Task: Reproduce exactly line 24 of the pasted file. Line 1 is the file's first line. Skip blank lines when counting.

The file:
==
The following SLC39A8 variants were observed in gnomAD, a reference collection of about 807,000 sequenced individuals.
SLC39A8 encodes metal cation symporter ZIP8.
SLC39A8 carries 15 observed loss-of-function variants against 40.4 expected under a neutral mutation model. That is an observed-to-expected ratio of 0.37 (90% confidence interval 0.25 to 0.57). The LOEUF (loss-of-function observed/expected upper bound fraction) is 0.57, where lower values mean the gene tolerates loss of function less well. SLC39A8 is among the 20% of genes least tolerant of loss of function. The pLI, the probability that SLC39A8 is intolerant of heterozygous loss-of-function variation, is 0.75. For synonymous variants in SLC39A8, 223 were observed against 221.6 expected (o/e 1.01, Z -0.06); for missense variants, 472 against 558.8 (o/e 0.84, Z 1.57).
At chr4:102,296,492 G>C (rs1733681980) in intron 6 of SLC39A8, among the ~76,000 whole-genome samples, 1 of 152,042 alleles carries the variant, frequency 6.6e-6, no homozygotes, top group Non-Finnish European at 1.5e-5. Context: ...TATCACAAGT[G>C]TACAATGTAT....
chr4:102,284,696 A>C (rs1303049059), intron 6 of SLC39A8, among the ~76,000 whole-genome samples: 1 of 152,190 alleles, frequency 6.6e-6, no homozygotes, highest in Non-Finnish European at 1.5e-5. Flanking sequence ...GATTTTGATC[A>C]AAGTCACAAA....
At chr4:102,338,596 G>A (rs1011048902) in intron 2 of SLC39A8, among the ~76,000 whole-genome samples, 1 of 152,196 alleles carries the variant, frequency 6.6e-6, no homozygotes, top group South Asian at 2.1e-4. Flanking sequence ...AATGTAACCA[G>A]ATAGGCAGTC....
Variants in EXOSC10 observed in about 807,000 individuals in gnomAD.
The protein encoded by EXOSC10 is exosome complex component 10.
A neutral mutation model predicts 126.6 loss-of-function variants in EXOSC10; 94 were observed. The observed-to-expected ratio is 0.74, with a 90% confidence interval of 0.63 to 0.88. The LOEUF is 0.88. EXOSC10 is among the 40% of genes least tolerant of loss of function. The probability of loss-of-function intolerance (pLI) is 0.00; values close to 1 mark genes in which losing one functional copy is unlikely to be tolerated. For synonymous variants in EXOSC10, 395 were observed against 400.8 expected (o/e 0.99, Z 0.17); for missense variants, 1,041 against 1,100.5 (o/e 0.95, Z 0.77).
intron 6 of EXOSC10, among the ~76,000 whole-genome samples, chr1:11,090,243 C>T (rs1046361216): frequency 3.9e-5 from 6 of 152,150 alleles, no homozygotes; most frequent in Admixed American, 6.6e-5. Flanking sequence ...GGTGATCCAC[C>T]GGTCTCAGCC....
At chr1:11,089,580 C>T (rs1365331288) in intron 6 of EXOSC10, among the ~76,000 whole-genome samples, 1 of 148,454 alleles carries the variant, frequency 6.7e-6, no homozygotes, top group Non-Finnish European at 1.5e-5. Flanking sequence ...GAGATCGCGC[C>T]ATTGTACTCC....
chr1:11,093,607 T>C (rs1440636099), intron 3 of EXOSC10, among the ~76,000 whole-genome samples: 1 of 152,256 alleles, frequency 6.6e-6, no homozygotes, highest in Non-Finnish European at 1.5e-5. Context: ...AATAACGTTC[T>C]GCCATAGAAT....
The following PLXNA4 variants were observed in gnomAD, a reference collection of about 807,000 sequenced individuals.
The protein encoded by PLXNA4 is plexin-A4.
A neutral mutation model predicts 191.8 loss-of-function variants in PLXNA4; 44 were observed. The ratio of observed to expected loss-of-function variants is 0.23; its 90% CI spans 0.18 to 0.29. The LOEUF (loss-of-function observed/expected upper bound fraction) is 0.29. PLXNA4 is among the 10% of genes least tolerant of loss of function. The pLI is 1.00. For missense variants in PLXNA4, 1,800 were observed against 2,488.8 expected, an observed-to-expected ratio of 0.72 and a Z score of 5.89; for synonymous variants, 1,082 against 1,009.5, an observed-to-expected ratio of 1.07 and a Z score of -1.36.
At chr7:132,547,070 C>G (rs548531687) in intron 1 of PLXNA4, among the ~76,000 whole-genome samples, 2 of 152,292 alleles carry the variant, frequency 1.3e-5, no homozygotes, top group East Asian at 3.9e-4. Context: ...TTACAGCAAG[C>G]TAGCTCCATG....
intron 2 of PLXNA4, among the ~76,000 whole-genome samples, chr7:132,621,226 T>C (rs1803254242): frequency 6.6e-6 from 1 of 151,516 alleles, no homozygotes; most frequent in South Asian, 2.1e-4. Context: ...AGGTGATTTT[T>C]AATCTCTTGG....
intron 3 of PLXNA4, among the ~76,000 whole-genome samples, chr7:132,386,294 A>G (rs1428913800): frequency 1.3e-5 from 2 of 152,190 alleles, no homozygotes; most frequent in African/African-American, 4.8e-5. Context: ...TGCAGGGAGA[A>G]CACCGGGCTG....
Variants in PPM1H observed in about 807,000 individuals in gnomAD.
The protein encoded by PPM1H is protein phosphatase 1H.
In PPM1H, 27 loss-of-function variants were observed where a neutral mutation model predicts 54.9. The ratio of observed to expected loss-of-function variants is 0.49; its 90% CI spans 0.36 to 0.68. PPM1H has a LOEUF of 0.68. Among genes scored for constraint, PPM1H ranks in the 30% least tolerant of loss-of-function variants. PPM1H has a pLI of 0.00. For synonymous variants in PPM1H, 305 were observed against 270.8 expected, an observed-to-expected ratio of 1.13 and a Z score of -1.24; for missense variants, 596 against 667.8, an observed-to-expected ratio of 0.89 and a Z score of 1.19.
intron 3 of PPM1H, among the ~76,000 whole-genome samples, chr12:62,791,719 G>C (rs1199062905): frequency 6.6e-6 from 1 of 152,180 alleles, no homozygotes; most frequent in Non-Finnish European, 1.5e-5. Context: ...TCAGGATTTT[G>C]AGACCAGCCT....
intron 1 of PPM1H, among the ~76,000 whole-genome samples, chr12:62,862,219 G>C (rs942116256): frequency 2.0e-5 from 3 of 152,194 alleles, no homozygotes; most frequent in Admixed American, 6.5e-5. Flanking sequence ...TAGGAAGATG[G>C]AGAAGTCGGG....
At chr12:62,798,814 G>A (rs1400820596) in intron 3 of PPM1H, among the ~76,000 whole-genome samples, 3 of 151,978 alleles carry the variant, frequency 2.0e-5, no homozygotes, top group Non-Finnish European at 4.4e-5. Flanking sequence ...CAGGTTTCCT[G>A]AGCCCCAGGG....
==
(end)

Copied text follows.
At chr12:62,798,814 G>A (rs1400820596) in intron 3 of PPM1H, among the ~76,000 whole-genome samples, 3 of 151,978 alleles carry the variant, frequency 2.0e-5, no homozygotes, top group Non-Finnish European at 4.4e-5. Flanking sequence ...CAGGTTTCCT[G>A]AGCCCCAGGG....